This Practical World

How now in the contemplative evening of his days, the pious Bildad reconciled these things in the reminiscence, I do not know; but it did not seem to concern him much, and very probably he had long since come to the sage and sensible conclusion that a man’s religion is one thing, and this practical world quite another.

Chapter 16, The Ship



Her first instinct was to be repulsed as he bent down and reached between her legs.
“Left my drink under your chair,” he said turning his head to look up at her and flash, what he mistakenly assumed to be a winning smile.

She countered with a stony look drawing her knees in and off to the side twisting away from where his head remained practically resting in her lap. It was going to be a long six months.  On the road, one tour bus, forty interchangeable set pieces, a hundred costume changes and



human beings.

Day in.

Day out.

And he was one of them.

. . .

She had taken to changing openly backstage.  The costumes were just cumbersome enough to make it a matter of timing.  She’d twist her back away from where he stood in the shadows watching her as she pulled her shirt up over her head.  Let him watch.  He who thinks he is so irresistible.  Let him suffer.

She tried to avoid speaking to him, except, of course, when she was in character.  Then it was unavoidable.  At one point, nightly, she had to kiss him, in character.  Country clubs, nursing homes a peck would suffice.  But the military base wanted more.  So they gave it more, for the troops.  It was the least they could do, for their country.

A world can be exchanged in a kiss, even under lights, five hundred soldiers watching.

The next day, as the van swallowed up the highway, he fell asleep against her shoulder and,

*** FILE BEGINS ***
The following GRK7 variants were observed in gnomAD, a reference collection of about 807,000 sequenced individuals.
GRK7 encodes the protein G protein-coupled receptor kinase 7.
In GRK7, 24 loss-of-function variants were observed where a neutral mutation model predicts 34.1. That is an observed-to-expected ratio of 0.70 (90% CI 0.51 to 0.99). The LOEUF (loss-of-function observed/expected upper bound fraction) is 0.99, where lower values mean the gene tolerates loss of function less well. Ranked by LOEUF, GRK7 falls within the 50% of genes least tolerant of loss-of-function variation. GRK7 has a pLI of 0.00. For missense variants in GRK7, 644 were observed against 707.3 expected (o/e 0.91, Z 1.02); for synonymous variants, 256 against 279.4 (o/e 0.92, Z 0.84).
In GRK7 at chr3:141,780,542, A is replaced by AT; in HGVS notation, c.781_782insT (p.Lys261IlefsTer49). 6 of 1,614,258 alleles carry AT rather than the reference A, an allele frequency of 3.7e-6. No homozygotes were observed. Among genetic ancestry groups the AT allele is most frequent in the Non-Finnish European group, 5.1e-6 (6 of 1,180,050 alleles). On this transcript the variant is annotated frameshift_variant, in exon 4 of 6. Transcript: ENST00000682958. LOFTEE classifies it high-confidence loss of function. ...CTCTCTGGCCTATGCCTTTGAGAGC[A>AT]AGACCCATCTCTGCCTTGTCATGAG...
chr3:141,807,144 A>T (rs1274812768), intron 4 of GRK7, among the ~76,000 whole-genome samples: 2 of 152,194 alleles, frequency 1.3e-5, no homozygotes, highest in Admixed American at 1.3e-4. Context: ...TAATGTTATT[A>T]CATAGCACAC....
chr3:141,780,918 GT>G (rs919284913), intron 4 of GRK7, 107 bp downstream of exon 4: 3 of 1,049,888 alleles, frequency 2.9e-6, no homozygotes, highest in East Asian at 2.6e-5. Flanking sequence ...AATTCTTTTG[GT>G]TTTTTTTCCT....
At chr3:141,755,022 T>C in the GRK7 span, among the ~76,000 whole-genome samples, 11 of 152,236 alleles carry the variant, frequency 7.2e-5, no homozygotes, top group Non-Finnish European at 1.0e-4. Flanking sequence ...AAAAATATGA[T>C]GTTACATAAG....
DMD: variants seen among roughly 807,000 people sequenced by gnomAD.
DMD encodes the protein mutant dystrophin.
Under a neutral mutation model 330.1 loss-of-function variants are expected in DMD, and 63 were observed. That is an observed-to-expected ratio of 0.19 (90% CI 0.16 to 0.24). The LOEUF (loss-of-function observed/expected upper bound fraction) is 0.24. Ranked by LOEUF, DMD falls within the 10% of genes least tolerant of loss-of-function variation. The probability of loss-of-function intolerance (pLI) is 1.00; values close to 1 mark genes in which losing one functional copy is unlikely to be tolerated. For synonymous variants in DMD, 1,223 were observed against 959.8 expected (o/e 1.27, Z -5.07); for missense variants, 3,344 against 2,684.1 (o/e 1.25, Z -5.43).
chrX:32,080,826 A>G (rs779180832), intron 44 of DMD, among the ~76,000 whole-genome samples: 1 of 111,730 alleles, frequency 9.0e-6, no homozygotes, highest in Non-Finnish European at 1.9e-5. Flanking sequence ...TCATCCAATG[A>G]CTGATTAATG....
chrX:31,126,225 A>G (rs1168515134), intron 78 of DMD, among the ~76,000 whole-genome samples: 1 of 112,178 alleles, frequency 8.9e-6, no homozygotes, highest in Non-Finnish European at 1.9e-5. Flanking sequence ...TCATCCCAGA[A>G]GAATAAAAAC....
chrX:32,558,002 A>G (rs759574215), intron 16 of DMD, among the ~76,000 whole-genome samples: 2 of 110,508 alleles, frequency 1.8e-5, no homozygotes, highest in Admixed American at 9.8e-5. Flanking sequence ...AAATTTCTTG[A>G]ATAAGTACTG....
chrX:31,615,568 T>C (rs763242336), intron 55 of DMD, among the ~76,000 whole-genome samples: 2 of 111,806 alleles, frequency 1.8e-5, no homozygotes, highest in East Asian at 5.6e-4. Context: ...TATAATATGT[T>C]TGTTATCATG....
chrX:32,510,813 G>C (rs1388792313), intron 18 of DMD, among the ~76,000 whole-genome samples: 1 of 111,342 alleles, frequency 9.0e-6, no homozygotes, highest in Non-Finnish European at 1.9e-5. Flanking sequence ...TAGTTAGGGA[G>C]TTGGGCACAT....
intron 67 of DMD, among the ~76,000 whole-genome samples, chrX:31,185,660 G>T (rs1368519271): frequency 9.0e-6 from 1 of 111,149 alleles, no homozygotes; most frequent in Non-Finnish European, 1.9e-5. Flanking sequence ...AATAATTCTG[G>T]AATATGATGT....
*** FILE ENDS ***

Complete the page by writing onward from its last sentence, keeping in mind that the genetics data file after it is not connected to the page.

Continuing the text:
this time,

she did not push him away.

. . .

The hotel they’d been booked in had placed the actors in a room overlooking the lobby roof.  A long pebble and tar stretch punctuated at the end with a Mississippi state flag, billowing arrogantly in the Gulf breeze.  She had just pulled back the curtain and the sight of it accosted her.  She froze, the heavy scotch-guarded polyester of the curtain weighing on her hand.

“My ancestors died preserving the union of this country,” she said out loud, to no one in particular



human beings.

Day in

Day out.

”That is an abomination.

You lost,



Accept it.”
He was suddenly by her shoulder, taking the curtain from her hand.  He pushed it aside, leaned to unlatch the window, and, without missing so much as a beat, walked through the open window onto the stretch of roof. A confident stroll took him to where flag flapped noisily at the edge of tar.

With the complete authority by which a good actor can easily impersonate a maintenance engineer, he grabbed the rope and in a series of quick strokes lowered the offending flag.  Taking it from its post , he draped the flag over his arm and turned to stroll back into the room where she stood mesmerized by his boldness.

“Surrendered,” he said and and pressed it into her hands.  She couldn’t help it.  She was smiling.

. . .

The months passed, the tour ended, they left together to join another and when that ended he asked her to move to the far edge of the west.  She agreed but in the short winter days they quickly wore on each other.  Theater is a demanding craft and performing in separate productions for the first time since they met challenged their bond in a way they had not thought to anticipate.